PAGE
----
[JURIST] The US Court of Appeals for the District of Columbia Circuit [official website] on Tuesday ruled [opinion, PDF] that the Nuclear Regulatory Commission (NRC) [official website] has been violating federal law by failing to accept or deny the pending Department of Energy (DOE) [official website] application for a waste storage facility at Nevada’s Yucca Mountain, which was originally filed in 2008. The Obama administration has since made plans to close the facility, and Congress has additionally cut funding for the project. In 2011 the NRC permitted the shutdown plan to stand, citing budgetary limitations as the cause. The NRC action goes against a federal law [AP report] that designates Yucca Mountain as the nation’s nuclear waste repository. Judge Brett Kavanaugh wrote in Tuesday’s majority opinion, “This case has serious implications for our constitutional structure. It is no overstatement to say that our constitutional system of separation of powers would be significantly altered if we were to allow executive and independent agencies to disregard federal law in the manner asserted in this case by the Nuclear Regulatory Commission.”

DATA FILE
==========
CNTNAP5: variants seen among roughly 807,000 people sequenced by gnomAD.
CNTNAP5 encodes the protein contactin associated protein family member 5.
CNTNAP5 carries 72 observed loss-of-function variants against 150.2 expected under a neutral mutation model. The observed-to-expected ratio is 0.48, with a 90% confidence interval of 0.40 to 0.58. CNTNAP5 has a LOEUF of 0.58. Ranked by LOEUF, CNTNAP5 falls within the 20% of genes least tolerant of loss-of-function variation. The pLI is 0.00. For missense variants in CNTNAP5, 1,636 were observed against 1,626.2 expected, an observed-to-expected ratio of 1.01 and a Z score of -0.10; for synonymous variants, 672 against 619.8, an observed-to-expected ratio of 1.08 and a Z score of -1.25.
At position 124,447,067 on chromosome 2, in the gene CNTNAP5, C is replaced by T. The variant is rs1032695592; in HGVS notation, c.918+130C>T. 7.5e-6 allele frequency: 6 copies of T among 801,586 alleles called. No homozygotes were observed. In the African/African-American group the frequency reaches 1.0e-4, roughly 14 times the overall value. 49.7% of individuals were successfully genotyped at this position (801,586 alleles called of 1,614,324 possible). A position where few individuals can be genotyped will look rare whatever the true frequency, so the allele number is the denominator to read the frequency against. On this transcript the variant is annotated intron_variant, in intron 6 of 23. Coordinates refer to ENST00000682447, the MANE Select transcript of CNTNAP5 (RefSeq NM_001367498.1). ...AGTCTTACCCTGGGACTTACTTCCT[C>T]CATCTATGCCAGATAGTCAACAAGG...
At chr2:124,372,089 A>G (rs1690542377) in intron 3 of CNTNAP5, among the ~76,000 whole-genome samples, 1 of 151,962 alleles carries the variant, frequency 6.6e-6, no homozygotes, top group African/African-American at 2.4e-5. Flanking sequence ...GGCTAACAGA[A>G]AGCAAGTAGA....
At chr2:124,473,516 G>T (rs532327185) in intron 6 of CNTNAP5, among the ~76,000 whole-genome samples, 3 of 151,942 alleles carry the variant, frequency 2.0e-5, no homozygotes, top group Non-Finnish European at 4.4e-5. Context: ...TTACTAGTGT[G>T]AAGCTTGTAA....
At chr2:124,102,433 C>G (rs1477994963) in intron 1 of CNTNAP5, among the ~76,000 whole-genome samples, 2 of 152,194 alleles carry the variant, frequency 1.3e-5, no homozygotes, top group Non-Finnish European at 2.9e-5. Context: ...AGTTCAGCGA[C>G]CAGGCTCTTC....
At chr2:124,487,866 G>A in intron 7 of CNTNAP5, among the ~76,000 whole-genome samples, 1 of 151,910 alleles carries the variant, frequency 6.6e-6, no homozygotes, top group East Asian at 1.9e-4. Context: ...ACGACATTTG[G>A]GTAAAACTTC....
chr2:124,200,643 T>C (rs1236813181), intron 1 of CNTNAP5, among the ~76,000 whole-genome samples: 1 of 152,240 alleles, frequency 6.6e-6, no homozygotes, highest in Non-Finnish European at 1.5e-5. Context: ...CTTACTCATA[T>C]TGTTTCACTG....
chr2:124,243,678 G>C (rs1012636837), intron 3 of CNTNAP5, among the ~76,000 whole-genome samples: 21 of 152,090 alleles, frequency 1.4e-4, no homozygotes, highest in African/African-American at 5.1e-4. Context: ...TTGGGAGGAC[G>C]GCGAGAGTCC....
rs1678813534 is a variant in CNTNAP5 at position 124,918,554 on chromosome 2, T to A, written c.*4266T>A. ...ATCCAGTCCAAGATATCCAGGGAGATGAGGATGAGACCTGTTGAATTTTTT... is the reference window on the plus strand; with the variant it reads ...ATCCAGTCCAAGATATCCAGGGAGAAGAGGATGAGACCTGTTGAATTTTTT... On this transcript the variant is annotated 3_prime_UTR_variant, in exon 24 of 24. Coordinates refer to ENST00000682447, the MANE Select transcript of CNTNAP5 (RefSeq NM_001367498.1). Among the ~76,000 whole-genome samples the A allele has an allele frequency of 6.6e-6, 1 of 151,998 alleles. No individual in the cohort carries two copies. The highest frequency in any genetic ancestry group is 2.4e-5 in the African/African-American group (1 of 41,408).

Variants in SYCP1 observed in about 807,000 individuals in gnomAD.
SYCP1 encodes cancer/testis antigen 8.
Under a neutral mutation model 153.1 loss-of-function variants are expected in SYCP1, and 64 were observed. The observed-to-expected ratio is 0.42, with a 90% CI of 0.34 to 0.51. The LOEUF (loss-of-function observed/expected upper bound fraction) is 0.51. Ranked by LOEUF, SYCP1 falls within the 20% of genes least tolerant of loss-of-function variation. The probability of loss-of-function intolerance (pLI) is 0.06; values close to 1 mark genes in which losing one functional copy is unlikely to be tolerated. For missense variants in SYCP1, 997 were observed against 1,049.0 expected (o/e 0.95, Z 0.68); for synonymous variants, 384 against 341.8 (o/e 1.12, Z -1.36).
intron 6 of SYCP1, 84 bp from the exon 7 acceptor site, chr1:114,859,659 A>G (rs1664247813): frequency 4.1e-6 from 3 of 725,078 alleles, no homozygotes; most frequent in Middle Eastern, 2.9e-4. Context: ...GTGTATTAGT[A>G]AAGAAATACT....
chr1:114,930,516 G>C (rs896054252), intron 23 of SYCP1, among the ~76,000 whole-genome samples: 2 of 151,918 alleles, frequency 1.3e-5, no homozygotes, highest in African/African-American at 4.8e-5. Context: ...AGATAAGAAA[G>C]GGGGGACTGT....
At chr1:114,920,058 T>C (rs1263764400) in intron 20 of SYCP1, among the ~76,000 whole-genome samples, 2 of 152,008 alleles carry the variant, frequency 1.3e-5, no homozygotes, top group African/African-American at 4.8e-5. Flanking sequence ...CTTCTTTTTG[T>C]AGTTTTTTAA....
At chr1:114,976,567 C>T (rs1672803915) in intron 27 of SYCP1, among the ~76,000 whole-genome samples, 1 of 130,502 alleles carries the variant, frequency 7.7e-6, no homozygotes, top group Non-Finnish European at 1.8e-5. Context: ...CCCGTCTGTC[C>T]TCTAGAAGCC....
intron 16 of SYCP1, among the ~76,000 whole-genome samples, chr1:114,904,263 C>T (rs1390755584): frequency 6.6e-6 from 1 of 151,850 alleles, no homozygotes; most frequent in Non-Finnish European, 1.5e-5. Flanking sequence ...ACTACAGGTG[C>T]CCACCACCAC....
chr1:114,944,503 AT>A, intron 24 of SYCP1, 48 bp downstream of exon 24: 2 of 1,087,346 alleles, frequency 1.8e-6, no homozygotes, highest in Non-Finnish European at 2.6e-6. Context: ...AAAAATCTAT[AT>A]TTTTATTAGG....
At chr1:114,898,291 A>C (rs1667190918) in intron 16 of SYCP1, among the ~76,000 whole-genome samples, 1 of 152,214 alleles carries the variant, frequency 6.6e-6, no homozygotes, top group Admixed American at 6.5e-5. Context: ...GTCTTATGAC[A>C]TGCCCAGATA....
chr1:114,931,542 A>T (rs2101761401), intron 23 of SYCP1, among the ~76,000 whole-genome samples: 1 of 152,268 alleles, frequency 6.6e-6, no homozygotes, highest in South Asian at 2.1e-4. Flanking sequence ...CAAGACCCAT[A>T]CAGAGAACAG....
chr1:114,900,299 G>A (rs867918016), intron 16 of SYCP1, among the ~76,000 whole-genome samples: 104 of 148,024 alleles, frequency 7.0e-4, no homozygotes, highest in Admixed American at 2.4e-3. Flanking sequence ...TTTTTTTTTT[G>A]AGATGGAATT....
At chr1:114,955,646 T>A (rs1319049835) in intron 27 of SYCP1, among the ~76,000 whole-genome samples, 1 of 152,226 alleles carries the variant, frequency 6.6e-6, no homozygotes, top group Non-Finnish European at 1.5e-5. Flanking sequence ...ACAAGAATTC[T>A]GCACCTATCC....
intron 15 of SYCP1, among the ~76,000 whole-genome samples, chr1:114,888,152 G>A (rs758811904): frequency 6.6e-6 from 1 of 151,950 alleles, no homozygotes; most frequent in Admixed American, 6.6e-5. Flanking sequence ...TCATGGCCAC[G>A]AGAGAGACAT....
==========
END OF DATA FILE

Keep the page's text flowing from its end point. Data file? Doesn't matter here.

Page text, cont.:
In July 2011 the DC Circuit dismissed a similar case [JURIST report] brought by Washington state, South Carolina and other local governments challenging the DOE failure to proceed with the Yucca Mountain project. The plaintiffs, responsible for the temporary storage of nuclear waste, challenged both a decision of the DOE to withdraw its application from the NRC for Yucca Mountain and its apparent abandonment of that project. The nuclear repository was not welcomed by Nevada government officials, who had been mounting challenges against the site since Congress approved government plans to construct the facility in 2002. Rejecting the challenges by Nevada officials, however, the DC Circuit ruled in 2004 that federal plans to build a nuclear waste site in the state were constitutional under the Takings Clause. Government officials fear that the repository, located 90 miles northwest of Las Vegas, will negatively effect the city’s lucrative tourism industry. The application for the repository had been pending since 2008 when it was filed by former president George W. Bush. The repository was approved by Congress in 1987 to contain highly toxic waste from nuclear complexes that built atomic bombs during the Cold War.